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Arsenal have managed the David Luiz situation perfectly

David Luiz could leave Arsenal this summer at the end of his contract. However, despite the criticism, the club has handled the situation perfectly.

On Wednesday, it was reported by Sky Sports that David Luiz could leave Arsenal this summer as he only signed a one-year deal last summer, not the reported two-year deal that many believed. Luiz arrived at the club in an £8 million deal from Chelsea as a stop-gap centre-back solution. Including his wages, the Gunners would have invested almost £15 million for one year’s service.

As a result, many have criticised Arsenal’s decision. Amid a rebuilding, they view this as wasted cash that could have been better served by investing in younger players who offer more long-term production and value. Luiz turned 33 in late-April. However, in reality, the club has managed this situation perfectly.

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It starts with the contract. While Luiz might not have signed a two-year deal, per football.london and others, he did sign a one-year contract with a one-year club extension. The confusion comes because that extension has not yet been exercised, leaving Luiz free to leave this summer until it is.

Not only is this a smarter move than just signing him to a one-year deal; it shows greater financial awareness than signing him to the two-year deal that many believed he was signed to initially. This deal provides Arsenal both the security of tying Luiz down for two years, which was the initially planned timeframe for his stay at the club, and the flexibility to leave after a year if his performances were not up to standard, which, given his age and error-prone style, was highly plausible.

In fact, if you are going to sign a player like Luiz to a contract, this is the perfect contract to sign him to. Consider the mess that Arsenal are currently in with Sokratis, who signed a three-year deal that pays him £90,000 per week. Had this been a two-year deal with a third year as a club option they would be able to get out from underneath. Now, they are stuck with a potentially eighth-choice centre-back earning high-level starter money.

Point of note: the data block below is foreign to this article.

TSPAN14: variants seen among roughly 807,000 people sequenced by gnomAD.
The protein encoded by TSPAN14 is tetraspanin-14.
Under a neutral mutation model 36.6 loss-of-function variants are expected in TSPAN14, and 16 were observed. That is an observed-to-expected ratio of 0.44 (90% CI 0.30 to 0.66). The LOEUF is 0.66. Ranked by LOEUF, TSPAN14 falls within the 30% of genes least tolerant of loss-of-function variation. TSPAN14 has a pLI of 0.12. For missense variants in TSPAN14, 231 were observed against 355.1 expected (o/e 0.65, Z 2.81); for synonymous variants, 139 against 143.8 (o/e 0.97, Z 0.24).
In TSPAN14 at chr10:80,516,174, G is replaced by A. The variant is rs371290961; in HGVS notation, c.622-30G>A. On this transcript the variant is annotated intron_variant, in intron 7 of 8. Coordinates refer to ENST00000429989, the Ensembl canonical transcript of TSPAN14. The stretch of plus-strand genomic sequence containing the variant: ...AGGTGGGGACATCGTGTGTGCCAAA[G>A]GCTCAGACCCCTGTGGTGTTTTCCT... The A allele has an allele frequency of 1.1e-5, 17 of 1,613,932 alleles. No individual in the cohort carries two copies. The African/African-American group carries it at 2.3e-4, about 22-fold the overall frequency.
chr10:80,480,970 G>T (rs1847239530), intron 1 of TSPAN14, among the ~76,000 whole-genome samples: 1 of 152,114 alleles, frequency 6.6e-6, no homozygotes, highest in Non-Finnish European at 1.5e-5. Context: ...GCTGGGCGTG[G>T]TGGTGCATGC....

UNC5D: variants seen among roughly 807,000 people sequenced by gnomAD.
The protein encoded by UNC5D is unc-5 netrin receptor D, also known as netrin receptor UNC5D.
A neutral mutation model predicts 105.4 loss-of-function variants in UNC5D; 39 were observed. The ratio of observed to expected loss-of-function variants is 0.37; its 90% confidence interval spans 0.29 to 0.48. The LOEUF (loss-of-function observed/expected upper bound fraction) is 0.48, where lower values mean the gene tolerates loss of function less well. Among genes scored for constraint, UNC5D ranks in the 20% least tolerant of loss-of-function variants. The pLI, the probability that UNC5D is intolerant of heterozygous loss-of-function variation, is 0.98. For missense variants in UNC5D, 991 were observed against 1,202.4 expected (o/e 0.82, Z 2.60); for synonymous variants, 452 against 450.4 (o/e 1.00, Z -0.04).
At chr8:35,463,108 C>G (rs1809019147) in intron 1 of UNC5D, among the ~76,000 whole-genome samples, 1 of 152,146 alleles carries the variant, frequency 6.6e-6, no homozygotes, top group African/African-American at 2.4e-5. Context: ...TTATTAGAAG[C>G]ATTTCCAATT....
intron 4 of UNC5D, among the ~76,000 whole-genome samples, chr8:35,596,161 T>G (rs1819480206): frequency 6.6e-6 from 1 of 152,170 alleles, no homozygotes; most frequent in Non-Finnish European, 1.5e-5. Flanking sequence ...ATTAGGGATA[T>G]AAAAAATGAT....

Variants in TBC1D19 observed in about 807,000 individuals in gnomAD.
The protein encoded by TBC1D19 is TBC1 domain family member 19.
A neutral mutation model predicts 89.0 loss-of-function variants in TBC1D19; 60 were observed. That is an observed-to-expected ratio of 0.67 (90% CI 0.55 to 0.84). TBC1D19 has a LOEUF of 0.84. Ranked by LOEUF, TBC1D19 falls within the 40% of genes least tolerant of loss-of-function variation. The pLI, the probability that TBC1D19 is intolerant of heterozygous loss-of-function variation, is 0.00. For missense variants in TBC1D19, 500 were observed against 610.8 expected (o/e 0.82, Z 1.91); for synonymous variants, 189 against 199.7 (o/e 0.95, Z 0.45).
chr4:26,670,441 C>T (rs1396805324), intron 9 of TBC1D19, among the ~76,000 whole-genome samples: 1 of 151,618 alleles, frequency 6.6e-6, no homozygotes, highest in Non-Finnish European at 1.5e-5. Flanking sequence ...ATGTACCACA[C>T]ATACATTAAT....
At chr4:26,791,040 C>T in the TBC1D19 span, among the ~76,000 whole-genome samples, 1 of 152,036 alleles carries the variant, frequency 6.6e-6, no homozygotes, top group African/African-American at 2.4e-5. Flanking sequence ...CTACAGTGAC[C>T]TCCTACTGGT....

Some have questioned signing Luiz entirely. The team was in a rebuilding phase under Unai Emery. Adding a 30-something centre-back did not really fit with that plan. However, prior to his signing, Emery was set to have the following centre-backs available: Rob Holding, who would not return from an ACL tear until October and has not been fit all year, Calum Chambers, who later tore his ACL and played in midfield the previous season, Sokratis, the error-strewn Shkodran Mustafi who the club desperately attempted to offload that summer, Dinos Mavropanos, a complete unknown who also couldn’t get or then stay fit.

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While it was important to build towards the long-term future, Arsenal also had a chance to reclaim Champions League status. They signed what they thought was an elite winger and left-back, two major positions of need, added Dani Ceballos as an inventive Aaron Ramsey replacement. The expectation was that this team could finish in the top four. They just needed a centre-back, and after Laurent Koscielny’s antics, they needed an experienced who was immediately available and cheap. Luiz ticked all those boxes.

If Luiz does leave after one season, the near £15 million investment in him is frustrating, and does not reflect well on a club needing to be extremely efficient with its spending. However, should that be the case, it would stem not from their handling of the Luiz situation but from the ghastly wages they handed Sokratis and Mustafi and their inability to offload other centre-backs.

Arsenal now have eight centre-backs on the books heading into next year. With a desperate need to cut the wage bill, offloading at least two seems inevitable. Bar Saliba, Luiz is likely the least wanted candidate to be cut from the squad. But because of the mismanagement of other players, he might end up being the fall guy.

Next: Arsenal: The 3 most ready young players to start

If you want to blame the club for their ill decision-making, there is plenty of blame to go around. But the David Luiz situation is not one of them.

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